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Turkey Talk: A Run-In with Pavo Wines

Vinted on September 17, 2009 binned in California wine, wine review

I know what you’re thinking:

Man, I really hope that today’s 1WineDude post somehow combines the Acura Integra, InfoTech department payroll practices, farm animals, Lord of the Rings, marijuana, and estate-grown California Syrah!

What can I say? Who loves ya, baby?!?

On second thought, I might have painted myself into a serious blogging corner here… let’s just push on and see how all of this pans out, shall we?

You see, Pavo Wines Syrah is not my first run-in with a wild turkey (though this wine is no “turkey” – more on that in a minute or two; or three).  No, not that Wild Turkey, either.  No, what I’m talking about are the large and sometimes colorful birds that tend to roam on farmland across much of North America.

A little over 10 years ago, I was speeding through the backroads of southeastern PA on my way to work, just after dawn on a gorgeous morning, zipping through twisting, winding roads that bisected local farms.  When I say “speeding” I mean speeding.  As in, the kind of speeding that not only breaks local traffic laws, it borders on violating county moral and ethical standards as well.  I was flirting with being late for work, and at that time my InfoTech day job had a punch-card policy – we ‘clocked-in’ for work just like anyone else on the site (which consisted mostly of factory floor workers). This policy managed to promote a few interesting behaviors, like creating a feeling of equity among the entire site staff, and also allowed the company to offer a ‘punctuality bonus’ if you showed up on time (which is a nice way of saying that if you are late, you’ll be docked a percentage of that day’s pay).  In my case, it helped create unsafe roadways, since I was hell-bent that day on not missing out on some pay, if you catch my drift.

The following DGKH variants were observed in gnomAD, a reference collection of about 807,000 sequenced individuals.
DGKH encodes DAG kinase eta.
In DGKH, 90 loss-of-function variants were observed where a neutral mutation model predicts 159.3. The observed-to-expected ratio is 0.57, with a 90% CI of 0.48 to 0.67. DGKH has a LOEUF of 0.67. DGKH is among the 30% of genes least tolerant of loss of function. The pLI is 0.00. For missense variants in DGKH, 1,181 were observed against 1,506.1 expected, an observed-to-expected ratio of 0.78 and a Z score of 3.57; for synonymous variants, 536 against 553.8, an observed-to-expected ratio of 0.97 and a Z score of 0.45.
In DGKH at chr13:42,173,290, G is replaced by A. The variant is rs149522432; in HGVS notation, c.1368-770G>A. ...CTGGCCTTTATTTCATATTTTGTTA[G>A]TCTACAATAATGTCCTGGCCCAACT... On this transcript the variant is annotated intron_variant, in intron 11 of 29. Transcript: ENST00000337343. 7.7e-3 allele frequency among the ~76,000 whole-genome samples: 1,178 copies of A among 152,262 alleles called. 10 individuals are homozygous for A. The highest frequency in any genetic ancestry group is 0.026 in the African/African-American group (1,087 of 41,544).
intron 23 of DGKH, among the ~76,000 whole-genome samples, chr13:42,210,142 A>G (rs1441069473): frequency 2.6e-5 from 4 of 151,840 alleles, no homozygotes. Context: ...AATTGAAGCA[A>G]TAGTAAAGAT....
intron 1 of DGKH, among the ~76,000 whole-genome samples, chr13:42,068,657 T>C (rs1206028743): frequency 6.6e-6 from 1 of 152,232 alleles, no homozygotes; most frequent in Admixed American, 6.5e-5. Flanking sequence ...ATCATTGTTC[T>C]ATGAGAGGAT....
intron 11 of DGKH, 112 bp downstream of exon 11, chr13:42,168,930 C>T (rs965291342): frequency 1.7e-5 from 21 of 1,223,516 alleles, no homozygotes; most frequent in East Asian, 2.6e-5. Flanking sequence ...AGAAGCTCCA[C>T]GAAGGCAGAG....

Hugging the road, I had but one stretch of farmland to cross before I’d be out of the woods (literally and figuratively).  I took the final turn (blind, of course, as most of these turns are in PA) on the bisecting lane at ridiculous speed, steering for the apex and finding directly in front of me, just as I cleared the corner, two very large and very unsuspecting wild turkeys, making their leisurely way across the road.  They couldn’t have been more directly in front of my oncoming road hazard.

SCREEEEEECH went the brakes.  The car stopped so suddenly, and jerked forward so roughly, that I wasn’t sure if I’d hit anything or not.  I peeked over the steering wheel.  Nothing.  A pregnant moment passed that couldn’t have been more than a few seconds but felt like a lifetime.  A head appeared above the windshield.  A turkey head.  It was bobbing, clearly perturbed, offering up a “Beeatch – I’m gonna f—k you UP!” look, but it was a head that was otherwise unharmed.  I leaned forward and saw its mate follow suit, but she appeared less agitated at the whole affair.  They couldn’t have been more than 16 inches in front of my car.

To recap: that’s the Acura, IT payroll, and farm animals. Now, it’s time to talk about the wine (yeah, yeah, and Lord of the Rings – I didn’t forget); a wine that takes its logo from a wild turkey, and like a turkey is tasty, colorful, and dense (just not that meaning of dense)…

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An Average Wine Dude vs. Chateau d’Yquem

Vinted on September 2, 2009 binned in wine review

“…like a Viennese waltz in my mouth…”

Thus read the words of CellarTracker.com member Kdawg, in his (her?) New Year’s Eve 2007 tasting note of a 1995 Château d’Yquem.  For those who don’t yet know about CellarTracker, it’s a veritable institution in the on-line wine world, offering on-line wine management and community tasting notes.  I mention this only because the community tasting notes on CellarTracker.com are widely regarded as being notoriously tough in their wine ratings (which are offered on the 100 point scoring scale).